Tag Archives: matinee

Snow White and the Huntsman


Friday, I went to see the fairy tale epic, Snow White and the Huntsman, with my cousin at Kent Station. I’d been anticipating this movie for months, so I was a little excited. I’m not understating my excitement level for effect either. I literally was only a little excited; after waiting that long for the movie to come out my initial desire to see it had waxed quite a bit. Still, I got my $6 ticket. (I love the opening day matinee!)

The movie opens with a voice over by the Huntsman (costar Chris Hemsworth) giving us the back story on how Snow White and Queen Ravenna become mortal enemies. We learn that Snow is a miracle baby to her parents, that her mother (who was already ill when she had Snow) dies a few winters later, that the king is inconsolable, and how Ravenna is able to scheme her way onto the throne through the king’s grief. We also meet Snow White’s childhood friend and fellow noble, William.

Soon the evil queen realizes that the only way to prolong her reign of terror is to consume the still beating heart of her step daughter, Snow White. Of course Snow White escapes and the Queen brings in The Huntsman to track down and bring her “prize” back.

The opening is brilliant and fairly well paced but when Ravenna makes her move to kill snow the pacing starts to falls apart. There are large sections of the movie that, while beautifully filmed, drag the story down. Instead there are lingering shots of (admittedly beautiful) scenery… and Kristen Stewart’s face that don’t add anything to the story. If any thing they take you out of the story and make you think about taking a quick trip to the concession stand.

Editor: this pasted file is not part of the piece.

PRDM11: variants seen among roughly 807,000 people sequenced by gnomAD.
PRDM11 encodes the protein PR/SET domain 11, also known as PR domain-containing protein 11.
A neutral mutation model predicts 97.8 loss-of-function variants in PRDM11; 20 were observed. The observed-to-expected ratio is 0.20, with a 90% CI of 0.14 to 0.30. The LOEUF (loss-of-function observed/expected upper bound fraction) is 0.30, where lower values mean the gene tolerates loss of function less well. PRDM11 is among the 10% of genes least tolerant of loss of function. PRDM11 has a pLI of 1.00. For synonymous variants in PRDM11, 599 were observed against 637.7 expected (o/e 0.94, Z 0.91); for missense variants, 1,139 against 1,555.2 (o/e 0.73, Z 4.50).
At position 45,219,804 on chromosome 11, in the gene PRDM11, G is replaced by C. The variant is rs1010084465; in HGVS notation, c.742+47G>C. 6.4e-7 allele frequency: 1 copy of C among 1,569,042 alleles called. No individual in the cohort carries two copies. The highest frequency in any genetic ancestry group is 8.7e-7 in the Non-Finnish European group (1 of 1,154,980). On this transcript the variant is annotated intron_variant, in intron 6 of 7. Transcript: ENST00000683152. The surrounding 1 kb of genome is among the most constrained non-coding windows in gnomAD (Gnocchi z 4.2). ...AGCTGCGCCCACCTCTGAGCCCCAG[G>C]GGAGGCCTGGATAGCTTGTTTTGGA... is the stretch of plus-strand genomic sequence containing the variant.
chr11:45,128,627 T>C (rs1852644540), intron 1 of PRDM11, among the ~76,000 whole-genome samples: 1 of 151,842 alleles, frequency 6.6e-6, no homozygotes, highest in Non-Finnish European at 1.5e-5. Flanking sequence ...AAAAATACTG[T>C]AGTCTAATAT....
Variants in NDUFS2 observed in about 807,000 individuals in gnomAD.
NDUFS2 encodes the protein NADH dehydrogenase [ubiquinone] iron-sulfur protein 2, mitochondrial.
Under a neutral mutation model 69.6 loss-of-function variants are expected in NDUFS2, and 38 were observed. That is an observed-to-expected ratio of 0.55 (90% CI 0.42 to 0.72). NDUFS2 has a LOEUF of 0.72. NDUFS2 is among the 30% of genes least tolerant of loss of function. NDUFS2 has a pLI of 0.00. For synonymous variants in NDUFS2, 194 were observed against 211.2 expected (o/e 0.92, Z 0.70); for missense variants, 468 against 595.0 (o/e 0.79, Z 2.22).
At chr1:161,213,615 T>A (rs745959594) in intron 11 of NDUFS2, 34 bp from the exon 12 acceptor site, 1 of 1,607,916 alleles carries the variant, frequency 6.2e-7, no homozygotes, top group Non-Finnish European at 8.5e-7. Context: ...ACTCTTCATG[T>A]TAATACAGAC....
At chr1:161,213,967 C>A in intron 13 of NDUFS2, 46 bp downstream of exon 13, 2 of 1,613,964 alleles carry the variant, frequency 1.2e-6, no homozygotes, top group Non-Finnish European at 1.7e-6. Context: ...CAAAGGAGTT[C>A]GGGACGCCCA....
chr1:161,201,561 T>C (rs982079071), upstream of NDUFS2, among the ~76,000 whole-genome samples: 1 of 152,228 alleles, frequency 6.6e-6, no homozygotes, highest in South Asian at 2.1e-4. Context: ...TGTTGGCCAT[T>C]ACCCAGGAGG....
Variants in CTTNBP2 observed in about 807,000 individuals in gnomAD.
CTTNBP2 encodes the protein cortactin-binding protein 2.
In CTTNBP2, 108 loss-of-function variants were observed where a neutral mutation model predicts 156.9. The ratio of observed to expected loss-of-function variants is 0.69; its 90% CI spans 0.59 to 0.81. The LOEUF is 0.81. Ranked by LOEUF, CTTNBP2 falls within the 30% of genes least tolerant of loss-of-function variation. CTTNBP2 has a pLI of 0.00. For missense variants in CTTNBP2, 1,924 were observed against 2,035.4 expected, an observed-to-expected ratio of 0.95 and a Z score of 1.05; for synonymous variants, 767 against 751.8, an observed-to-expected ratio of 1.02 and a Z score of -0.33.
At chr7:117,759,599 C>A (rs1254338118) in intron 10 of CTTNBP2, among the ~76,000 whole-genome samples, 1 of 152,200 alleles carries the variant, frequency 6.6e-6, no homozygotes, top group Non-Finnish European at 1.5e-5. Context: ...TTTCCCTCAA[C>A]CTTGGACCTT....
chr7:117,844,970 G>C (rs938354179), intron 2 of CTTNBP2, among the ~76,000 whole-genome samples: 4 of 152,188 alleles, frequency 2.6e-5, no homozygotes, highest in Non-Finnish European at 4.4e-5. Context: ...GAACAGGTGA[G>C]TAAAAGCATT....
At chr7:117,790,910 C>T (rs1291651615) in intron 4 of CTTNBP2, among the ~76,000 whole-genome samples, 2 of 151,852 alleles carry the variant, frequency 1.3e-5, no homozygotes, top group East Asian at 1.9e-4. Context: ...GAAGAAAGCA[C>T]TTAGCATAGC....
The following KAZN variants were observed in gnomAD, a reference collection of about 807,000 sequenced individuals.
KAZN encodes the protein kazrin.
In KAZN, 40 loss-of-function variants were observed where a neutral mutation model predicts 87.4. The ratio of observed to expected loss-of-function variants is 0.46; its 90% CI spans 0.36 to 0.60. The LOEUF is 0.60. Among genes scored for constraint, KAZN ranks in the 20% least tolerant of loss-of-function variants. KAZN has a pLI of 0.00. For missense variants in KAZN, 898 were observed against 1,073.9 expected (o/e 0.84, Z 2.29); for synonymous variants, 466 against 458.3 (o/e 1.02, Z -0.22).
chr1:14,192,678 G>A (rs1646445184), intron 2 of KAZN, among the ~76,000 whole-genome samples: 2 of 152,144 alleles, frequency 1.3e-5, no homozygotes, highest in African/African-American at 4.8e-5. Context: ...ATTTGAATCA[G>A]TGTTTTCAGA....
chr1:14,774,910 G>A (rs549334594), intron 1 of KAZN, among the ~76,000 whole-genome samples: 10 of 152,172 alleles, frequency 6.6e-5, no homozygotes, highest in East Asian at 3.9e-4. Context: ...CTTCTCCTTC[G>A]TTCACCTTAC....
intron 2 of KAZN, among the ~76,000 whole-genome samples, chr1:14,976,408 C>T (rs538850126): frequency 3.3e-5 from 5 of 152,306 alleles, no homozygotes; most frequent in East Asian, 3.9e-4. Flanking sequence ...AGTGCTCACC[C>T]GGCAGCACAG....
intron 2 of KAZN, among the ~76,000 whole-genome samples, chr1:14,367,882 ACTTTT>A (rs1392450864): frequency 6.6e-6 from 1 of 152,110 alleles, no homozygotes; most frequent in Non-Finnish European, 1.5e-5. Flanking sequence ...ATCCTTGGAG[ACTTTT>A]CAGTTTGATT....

Charlize Theron delivers a solid performance despite the odd direction of her character’s motivation. She convinces as a victim that is heedless of the fact that she has become exactly what she most hates in the world. Chris Hemsworth was also a treat as a widower whose lost faith with himself and the world. He actually brought me to tears with a moving speech he gives to Snow towards the end of the show. His action sequences are a bit shadowed somewhat by the badassness of the grownup William, played by Sam Claflin (Pirates of the Caribbean: On Stranger Tides) who executes some moves with a bow that would make both Hawkeye and Legolas proud.

The weak link in the main cast is Kristen Stewart. She is wooden, uncharismatic, flubs her accent, and has zero chemistry with either male lead. Snow White is a character that should elicit some compassion because of her plight but Stewart barely manages to make her sympathetic. I kept wishing they would have cast someone who actually had the acting chops to pull off the character, taking her believably from an orphaned girl in fear for her life to an armed and ready warrior and focused less on looks.

Aside from the pace and the miscasting of Kristen Stewart, I enjoyed the production design and the soundtrack including the two songs with vocals used in the film, especially Florence and the Machines’ end credit burner.

All in all? Not horrible. If you’re seeing it on the big screen, I recommend a matinee or second run. Until next time!